2005 Salt Lake City Annual Meeting (October 16–19, 2005)

Paper No. 9
Presentation Time: 10:00 AM


ALLMON, Warren D., Paleontological Research Institution, 1259 Trumansburg Rd, Ithaca, NY 14850-1398, wda1@cornell.edu

Modern marine carbonate sediments accumulate where carbonate-producing organisms are abundant and siliciclastic input is low. Such conditions occur today in two main environments: warm, low-nutrient (WLN; also known as tropical or chlorozoan carbonates) and cool, high-nutrient (CHN; also known as cool-water, temperate, non-tropical, foramol, or heterozoan carbonates). Few if any carbonates form today in warm, high-nutrient (WHN) conditions, principally because such environments do not currently exist on Earth. Modern WLN environments occur mainly in low latitudes where nutrients from upwelling or terrestrial runoff are low. Modern CHN environments occur mainly in middle to high latitudes where nutrients, mostly from upwelling, are abundant. WHN depositional environments may, however, have been widespread during the Cretaceous and Paleogene. During these times, upwelled nutrient-rich waters would, in general, have been warmer than they are today. Nutrients in these waters supported diverse carbonate-producing biotas not equivalent to either modern chlorozoan or heterozoan biotas.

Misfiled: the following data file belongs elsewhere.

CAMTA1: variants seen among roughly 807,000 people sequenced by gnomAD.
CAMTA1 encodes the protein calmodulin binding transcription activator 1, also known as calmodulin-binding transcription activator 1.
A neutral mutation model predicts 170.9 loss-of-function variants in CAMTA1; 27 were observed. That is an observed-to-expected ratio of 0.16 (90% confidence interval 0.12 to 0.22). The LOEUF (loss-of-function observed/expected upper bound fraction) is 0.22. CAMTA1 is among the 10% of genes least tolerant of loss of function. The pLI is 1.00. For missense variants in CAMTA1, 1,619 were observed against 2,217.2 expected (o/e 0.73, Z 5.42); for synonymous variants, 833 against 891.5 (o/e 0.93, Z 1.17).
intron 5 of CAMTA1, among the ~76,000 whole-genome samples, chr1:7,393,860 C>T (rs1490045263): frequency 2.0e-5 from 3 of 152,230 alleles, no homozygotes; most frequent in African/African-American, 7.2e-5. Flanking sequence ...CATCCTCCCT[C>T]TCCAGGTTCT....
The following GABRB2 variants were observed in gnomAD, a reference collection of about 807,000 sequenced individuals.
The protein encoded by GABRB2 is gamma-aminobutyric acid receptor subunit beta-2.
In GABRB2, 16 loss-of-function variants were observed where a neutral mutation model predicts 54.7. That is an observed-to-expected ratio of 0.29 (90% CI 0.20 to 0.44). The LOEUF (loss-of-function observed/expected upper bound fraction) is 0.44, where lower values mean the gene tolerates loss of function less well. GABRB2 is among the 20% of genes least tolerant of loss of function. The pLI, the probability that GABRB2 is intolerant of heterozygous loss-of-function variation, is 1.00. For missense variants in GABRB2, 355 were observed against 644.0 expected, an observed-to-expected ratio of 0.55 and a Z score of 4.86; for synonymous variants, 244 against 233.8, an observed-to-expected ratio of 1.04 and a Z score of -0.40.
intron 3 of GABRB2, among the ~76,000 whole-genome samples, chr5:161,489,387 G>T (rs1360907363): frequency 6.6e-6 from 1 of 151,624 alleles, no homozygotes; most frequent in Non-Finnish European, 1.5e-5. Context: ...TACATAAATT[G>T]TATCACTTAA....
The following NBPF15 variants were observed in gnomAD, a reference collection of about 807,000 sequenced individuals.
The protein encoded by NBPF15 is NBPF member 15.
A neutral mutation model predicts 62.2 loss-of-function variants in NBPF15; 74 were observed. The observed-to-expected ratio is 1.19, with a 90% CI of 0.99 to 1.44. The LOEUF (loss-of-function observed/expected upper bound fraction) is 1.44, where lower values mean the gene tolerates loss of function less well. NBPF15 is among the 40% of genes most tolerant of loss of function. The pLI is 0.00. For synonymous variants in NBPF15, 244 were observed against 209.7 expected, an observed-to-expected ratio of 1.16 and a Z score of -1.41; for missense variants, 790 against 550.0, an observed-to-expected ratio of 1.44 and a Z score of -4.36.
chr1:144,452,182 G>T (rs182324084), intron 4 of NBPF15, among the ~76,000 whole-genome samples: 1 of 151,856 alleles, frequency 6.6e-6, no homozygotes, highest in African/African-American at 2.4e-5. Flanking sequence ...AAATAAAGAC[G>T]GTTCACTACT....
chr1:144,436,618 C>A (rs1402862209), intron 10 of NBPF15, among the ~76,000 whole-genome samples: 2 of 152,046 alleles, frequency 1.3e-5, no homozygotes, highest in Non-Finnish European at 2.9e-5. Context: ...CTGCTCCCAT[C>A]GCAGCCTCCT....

These conclusions derive from analysis of a growing dataset of more than 40 turritelline gastropod-dominated fossil assemblages (TDAs), ranging from Lower Cretaceous to Pleistocene. TDAs today occur mainly in CHN conditions. They were widespread in both carbonate and siliciclastic facies in the Cretaceous and Paleogene, but (with only a single known exception) occur in the Neogene only in siliciclastic sediments. This change in environmental distribution can be explained by positing changes in: 1) modal environmental preferences of turritellines, from WHN to CHN, and 2) carbonate depositional environments, from WLN+WHN to WLN+CHN. Both changes were roughly coincident with the global change from “greenhouse” to “icehouse” conditions in the Oligocene.